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SOLON'S PICKS, BOWL WEEK PART TWO

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On a hectic pre-holiday Friday, Solon chips in his final bowl picks. Enjoy.

Greetings all.

All things considered, while this has been a thoroughly dissatisfying season for me, I suppose things should be put in perspective; after an uneven 6-11 start, I recovered to go on a 49-24 run--as good an extended run as I have ever had--before stumbling to a 17-28 (and counting) finish--as bad an extended run as I have ever had.

A wiser man than myself once said that the bottom line in this game is that you win some, you lose some, and you hope you win more than you lose. While for the better part of November I wondered if the first part of that adage was true, even in this, one of my more personally disappointing seasons, I have been able to accomplish this task; anyone using my selections, wagering with the traditional 10-11 vigorish, would show a profit for the season.


Profit! It's what's for dinner.

My two-year record stands at 156-124, a much more robust 55.7%; generally, a percentage above 55% is considered professional-level quality, and every season a 55% winning percentage is my stated goal. I will fall short of that number this season unless I am able to run the table with my final five selections, which given my current form is highly unlikely; hopefully this off-season I will learn some lessons and come back strong when next season starts.

As it stands (I am writing this Thursday night), my record for the year is 72-63, a winning percentage of 53.3%; please note that I still have wagers on South Carolina and Texas Tech still pending, in addition to those listed below. Hopefully I can close it out strong and build a little momentum for next season. Here are my final selections for the season:

COTTON BOWL, Dallas, TX

Nebraska (+1) v. Auburn

As I have said many times, I thought Auburn was overrated for much of the season.

Even now, I am perplexed by their wins over LSU and Florida (although, both games were at home, they were outgained substantially by LSU and didn't score an offensive TD against Florida, and one could argue they were fortunate to win either contest). Outside of those two games, and the opener against WSU, Auburn's performances have been very uneven; 'Bama gave them a victory with turnovers, and games against South Carolina and Ole Miss went down to the wire, and they were of course dominated at home by Arkansas and Georgia. Offensively, they have been very average; their running game has been very pedestrian, and while Nebraska is vulnerable against the pass, Auburn has only thrown for more than 200 yards this season against BCS opposition against Mississippi and Mississippi State. On the other side of the ball, Auburn has a good but not great D, and they have also shown vulnerability against the pass; the difference is that Nebraska HC Callahan will surely exploit this weakness. SEC opponents averaged 7.44 ypp against Auburn with an 8-6 ratio, but those numbers are a little deceptive, as they were only truly effective against Mississippi State's non-existent passing game; in their other 7 SEC games, Auburn gave up 8.07 ypp with an 8-5 ratio. Nebraska's passing game got better as the season progressed, although they struggled against OU's strong pass D in the Big 12 Championship game with 3 interceptions. Even including that poor performance, for the season in Big 12 play Nebraska threw for 8.04 ypp with an 18-5 ratio. Nebraska's running game is prolific if not efficient--they averaged 150 ypg and 4.13 ypc in Big 12 play--and they will likely outproduce Auburn on the ground as well, and be able to control the clock. Auburn will want to make amends for last year's poor bowl performance, but Nebraska should have a big edge in the crowd and I think they will have too much for Auburn to overcome.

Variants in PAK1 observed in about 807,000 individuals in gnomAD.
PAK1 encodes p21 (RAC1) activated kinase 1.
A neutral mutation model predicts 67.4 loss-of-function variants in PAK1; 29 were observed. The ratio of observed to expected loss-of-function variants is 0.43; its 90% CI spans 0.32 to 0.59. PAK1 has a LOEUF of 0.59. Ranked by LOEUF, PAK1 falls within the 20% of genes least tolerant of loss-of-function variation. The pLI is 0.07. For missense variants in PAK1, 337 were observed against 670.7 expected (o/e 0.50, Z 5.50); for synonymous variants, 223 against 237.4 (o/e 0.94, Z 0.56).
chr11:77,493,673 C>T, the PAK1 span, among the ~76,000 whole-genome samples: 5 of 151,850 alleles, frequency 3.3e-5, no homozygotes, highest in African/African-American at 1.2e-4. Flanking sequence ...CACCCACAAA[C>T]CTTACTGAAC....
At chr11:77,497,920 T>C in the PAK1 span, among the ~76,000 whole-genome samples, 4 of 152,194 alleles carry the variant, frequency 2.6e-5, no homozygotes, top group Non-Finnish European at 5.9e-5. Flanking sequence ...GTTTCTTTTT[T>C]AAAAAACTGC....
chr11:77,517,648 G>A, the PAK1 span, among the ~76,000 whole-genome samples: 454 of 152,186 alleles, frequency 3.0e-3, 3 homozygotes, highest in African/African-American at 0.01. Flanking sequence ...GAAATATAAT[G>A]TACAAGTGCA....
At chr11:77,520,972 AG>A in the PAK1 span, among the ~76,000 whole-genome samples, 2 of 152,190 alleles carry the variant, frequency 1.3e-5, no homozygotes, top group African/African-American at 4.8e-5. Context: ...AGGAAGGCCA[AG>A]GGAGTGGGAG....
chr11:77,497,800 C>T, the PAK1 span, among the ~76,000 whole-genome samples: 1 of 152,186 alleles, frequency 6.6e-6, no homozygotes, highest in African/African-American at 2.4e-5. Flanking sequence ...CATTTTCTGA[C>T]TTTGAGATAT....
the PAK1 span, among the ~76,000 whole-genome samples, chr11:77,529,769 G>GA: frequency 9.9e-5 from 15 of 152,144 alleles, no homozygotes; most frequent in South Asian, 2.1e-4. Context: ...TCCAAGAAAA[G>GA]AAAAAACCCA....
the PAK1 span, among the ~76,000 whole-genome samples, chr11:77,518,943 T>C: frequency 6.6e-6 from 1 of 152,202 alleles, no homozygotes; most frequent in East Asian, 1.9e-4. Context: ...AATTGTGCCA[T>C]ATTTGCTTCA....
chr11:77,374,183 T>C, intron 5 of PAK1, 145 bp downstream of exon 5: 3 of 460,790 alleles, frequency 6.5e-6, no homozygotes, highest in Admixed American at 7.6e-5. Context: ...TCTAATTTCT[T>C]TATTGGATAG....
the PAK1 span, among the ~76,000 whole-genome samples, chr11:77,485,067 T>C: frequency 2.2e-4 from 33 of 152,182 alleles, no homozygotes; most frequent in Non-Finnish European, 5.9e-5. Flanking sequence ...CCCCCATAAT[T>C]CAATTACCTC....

Callahan will have those "fucking rednecks" in line, according to Solon.

OUTBACK BOWL, Tampa, FL

Tennessee (-4) v. Penn State

Penn State has a legitimate D, but their O has severe limitations. Against quality defensive opposition--Ohio State, Michigan, and Wisconsin--Penn State averaged 6 ppg and 212 ypg, and only managed 1 TD--on a 43-yard screen pass--in those three games. I am not sure that Tennessee has a D as good as any of those--they very well may have, however--but there is little doubt that Tennessee's D is far superior to anyone else on the Penn State schedule. Tennessee's running game has been uneven this season, although the presence of RB Coker has made a massive difference; with him, they are averaging 137 ypg and 4.41 ypc; without him, they are averaging 44 ypg and 1.87 ypc (albeit against considerably stronger opposition). Tennessee's big advantage in this contest lies with the passing game; QB Ainge is averaging 8.75 ypp with a 19-8 ratio for the season. Penn State's pass D has been pretty good this season, but they have dominated lesser passing games while struggling against better ones; to illustrate, ND, Minnesota, Michigan and Wisconsin averaged 7.85 ypp against them with a 7-0 ratio (PSU admittedly had a good game against Ohio St QB Smith, but that was as much a product of the weather conditions than anything else). I believe Tennessee's passing game is at least as good as any of those, and I think it will make the difference here as the PSU O will not have much production against the stout Tennessee D.